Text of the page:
Sam Claflin’s film career off to such a big-budget start, having gone from “Pirates of the Caribbean: On Stranger Tides” to “Snow White and the Huntsman” to “The Hunger Games.” But the young British actor finds his latest, the Hammer horror film “The Quiet Ones,” a welcome change of pace.
Hammer Films has quite a legacy in the horror genre.
Despite the fact that I hadn’t seen many of the classic Hammer horror movies that they’re kind of famously known for, obviously I’d heard of Hammer horror. So being under that umbrella, I felt like there was a safety net. “OK, I’m safe here. I don’t think it’s going to be an awful movie. If they’re behind it, it’s got to have something to it.” And that was even before I’d read the script. And also what they’ve done over the recent years with “Let Me In” and “Woman in Black,” two films that I hugely, hugely enjoyed and connected with, and realized that especially with what seems to be my kind of target audience at the moment [Laughs] it seems quite fitting.
How does that feel, having a target audience all of a sudden?
It’s really strange. It’s something you can never get used to. There were some girls discussing if I would speak at their funerals or write a eulogy for them — these are, like, 12-year-old kids. It’s scary how obsessed and sort of hungry — obsessed in a positive way! I didn’t mean like literally they would kill themselves if I get ill. But it’s nice to have an incredibly loyal fan-base and people that will go to see my movie even if it’s rubbish. [Laughs]
Do you find you have to avoid things online more now?
So, I have Twitter and I have Instagram, and I also have other forms of social media that I only keep specifically for my friends. What’s amazing about Twitter and Instagram — I’d never put it down — is I feel it’s great for someone who’s in the limelight to have the ability to kind of connect with fans on a daily basis. I mean, I’m not that guy who literally says, “I’m now having a coffee, I’m now sitting down with my coffee, I’m putting one sugar cube in my coffee. Here’s a picture of my coffee. Here’s my coffee drunk.” [Laughs] I just feel like occasionally it’s nice to keep people in the know. But I don’t ever say, “I’m going to be here at this time, please come see me.” I think that could get out of hand.
That’s just asking for trouble.
Yeah. The thing is I’m making myself sound like I have such a huge fan base and that they’re all psychotic. [Laughs] But the people that do kind of dedicate their lives to following my career, it’s amazingly touching and I’m hugely grateful for it. I don’t know, it’s hard to talk about, because I hear myself talking about fans, and I just sound like a douchebag. [Laughs]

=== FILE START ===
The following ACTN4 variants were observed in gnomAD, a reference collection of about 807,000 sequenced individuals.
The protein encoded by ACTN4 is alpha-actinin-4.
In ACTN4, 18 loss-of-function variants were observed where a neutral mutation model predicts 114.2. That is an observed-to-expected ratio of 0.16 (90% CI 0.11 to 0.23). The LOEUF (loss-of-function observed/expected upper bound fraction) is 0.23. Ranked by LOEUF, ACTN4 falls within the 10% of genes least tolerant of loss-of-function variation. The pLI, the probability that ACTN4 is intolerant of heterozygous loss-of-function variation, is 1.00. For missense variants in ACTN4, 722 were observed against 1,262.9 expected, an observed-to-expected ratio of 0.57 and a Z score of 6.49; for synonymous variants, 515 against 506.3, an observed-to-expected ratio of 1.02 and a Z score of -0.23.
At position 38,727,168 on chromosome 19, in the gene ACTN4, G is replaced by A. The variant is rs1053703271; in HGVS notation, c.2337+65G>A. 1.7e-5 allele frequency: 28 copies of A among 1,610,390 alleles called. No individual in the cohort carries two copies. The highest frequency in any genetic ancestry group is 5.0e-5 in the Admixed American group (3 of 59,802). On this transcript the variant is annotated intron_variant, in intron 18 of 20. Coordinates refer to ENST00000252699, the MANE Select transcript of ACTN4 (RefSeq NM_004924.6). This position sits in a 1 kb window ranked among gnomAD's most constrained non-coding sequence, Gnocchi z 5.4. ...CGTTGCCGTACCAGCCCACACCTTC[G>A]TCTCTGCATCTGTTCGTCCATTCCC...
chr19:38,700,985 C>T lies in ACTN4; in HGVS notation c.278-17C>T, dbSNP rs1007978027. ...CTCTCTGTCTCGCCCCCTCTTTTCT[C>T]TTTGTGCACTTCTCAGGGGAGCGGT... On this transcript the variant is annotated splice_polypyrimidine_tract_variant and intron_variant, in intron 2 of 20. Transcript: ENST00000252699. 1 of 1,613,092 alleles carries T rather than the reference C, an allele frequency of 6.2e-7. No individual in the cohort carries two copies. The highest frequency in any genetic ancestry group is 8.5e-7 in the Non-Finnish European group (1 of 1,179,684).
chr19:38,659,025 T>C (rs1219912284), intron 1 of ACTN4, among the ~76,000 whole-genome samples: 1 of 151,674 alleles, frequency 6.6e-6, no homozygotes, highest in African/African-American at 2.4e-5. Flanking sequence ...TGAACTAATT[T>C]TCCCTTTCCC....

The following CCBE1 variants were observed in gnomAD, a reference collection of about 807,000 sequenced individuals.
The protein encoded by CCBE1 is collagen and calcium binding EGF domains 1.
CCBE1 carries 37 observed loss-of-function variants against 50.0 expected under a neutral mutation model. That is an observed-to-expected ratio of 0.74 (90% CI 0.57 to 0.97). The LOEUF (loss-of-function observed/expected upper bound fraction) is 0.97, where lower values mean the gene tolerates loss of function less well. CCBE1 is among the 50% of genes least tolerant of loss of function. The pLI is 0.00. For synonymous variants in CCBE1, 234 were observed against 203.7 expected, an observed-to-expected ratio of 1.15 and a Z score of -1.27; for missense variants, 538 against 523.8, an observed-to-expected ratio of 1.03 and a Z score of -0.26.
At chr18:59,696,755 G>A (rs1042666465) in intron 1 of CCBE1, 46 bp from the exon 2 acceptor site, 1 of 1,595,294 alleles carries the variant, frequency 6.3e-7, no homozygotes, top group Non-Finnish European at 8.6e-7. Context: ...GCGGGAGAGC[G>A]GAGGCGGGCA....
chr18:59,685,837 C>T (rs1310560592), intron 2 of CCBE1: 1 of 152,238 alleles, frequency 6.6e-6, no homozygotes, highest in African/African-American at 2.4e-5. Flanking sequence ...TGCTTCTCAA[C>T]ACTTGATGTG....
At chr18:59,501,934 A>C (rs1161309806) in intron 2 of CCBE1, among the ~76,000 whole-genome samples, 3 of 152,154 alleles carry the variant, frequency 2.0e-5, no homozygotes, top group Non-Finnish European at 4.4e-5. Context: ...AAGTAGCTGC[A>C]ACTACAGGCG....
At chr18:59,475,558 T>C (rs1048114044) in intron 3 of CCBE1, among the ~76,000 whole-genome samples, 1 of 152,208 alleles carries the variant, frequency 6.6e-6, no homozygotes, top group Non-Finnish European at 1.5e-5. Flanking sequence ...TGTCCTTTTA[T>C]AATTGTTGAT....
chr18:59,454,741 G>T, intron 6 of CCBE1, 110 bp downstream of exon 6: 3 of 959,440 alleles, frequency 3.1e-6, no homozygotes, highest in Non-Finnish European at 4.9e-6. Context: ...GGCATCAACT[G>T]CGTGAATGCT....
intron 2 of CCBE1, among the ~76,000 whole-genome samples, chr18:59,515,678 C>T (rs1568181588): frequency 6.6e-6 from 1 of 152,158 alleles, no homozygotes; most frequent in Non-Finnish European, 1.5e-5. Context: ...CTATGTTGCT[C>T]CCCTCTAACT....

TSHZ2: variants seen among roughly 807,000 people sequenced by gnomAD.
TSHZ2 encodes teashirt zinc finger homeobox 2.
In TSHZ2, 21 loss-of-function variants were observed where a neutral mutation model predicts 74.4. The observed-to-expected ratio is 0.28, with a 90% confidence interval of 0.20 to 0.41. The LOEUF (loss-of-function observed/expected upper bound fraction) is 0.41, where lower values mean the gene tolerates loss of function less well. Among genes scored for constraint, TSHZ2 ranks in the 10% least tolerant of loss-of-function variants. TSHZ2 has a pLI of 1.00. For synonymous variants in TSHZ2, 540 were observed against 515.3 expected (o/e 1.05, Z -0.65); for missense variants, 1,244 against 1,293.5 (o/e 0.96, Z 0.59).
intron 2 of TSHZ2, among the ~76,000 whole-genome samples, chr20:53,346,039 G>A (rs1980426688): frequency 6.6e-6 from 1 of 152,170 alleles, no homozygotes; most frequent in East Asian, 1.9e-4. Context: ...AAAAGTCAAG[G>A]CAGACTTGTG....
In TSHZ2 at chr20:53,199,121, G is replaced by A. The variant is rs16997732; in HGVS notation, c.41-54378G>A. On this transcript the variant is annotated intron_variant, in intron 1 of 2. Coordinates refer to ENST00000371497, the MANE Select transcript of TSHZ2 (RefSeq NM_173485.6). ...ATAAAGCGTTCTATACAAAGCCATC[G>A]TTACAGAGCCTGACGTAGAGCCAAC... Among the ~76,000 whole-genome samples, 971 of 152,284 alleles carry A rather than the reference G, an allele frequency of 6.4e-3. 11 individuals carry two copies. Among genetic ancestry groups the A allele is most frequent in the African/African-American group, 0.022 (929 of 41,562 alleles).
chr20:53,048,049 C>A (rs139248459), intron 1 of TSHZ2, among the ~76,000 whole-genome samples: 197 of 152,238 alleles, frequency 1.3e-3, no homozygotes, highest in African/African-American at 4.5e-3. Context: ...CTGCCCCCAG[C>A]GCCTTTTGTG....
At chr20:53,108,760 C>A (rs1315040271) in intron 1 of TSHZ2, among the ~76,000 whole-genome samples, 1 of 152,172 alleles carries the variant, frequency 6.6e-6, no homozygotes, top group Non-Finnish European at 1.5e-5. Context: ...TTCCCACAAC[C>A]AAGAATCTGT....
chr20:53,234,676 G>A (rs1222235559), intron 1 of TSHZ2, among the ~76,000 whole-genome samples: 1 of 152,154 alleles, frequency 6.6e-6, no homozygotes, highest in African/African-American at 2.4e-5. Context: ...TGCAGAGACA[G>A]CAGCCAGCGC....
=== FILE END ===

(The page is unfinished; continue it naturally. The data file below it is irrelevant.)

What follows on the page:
I think just having that thought process means you’re probably not.
Oh, good. I don’t know, this is the first time I’ve ever spoken about it. This is a first for me!
You’ve found yourself in some big movies from the start. Was that planned?
“Pirates” was basically just an audition like any other audition, and most of them I wasn’t getting because I wasn’t a name. I wasn’t Robert Pattinson, so I’m not getting that part, or I’m not getting this part because it’s Andrew Garfield, and this one’s Eddie Redmayne, so it’s like, “Ah, I can’t compete, I can’t compete. I’m never going to get cast.” But then “Pirates” just came really out of the blue. I remember walking out of the audition and speaking to my agent and going, “You know what, man? I’m not going to get this. It’s, like, ridiculous. Never going to happen.” And then two days later I got asked to fly myself out to Los Angeles. But still I wasn’t ever expecting to have the opportunity to see that follow through. It’s just kind of organically happened. I mean, “The Hunger Games,” I was a big fan of the first film and didn’t know they were based on novels. But then when I found out who my character I was auditioning for was, I was like, “Wow, this is an opportunity you can’t miss.” But where I go from here is the real challenge.
And now there’s some actor in England going, “Well, I’m not Sam Claflin, so I’m not booking that part.”
And that’s the horrible thing. I hate being that guy. [Laughs] Because my little brother’s an actor, and he’s sort of just starting out. I remember him first of all asking, “How difficult did you find it?” And I said, “Me, I was very lucky. I walked into a room and it was the right moment at the right time. And it’s going to happen with you.” And it has now. He’s very much on his way, and he’s not stopped working. Everyone has their own little pathway, and mine’s been very, very blessed in some way.
Follow Ned Ehrbar on Twitter @nedrick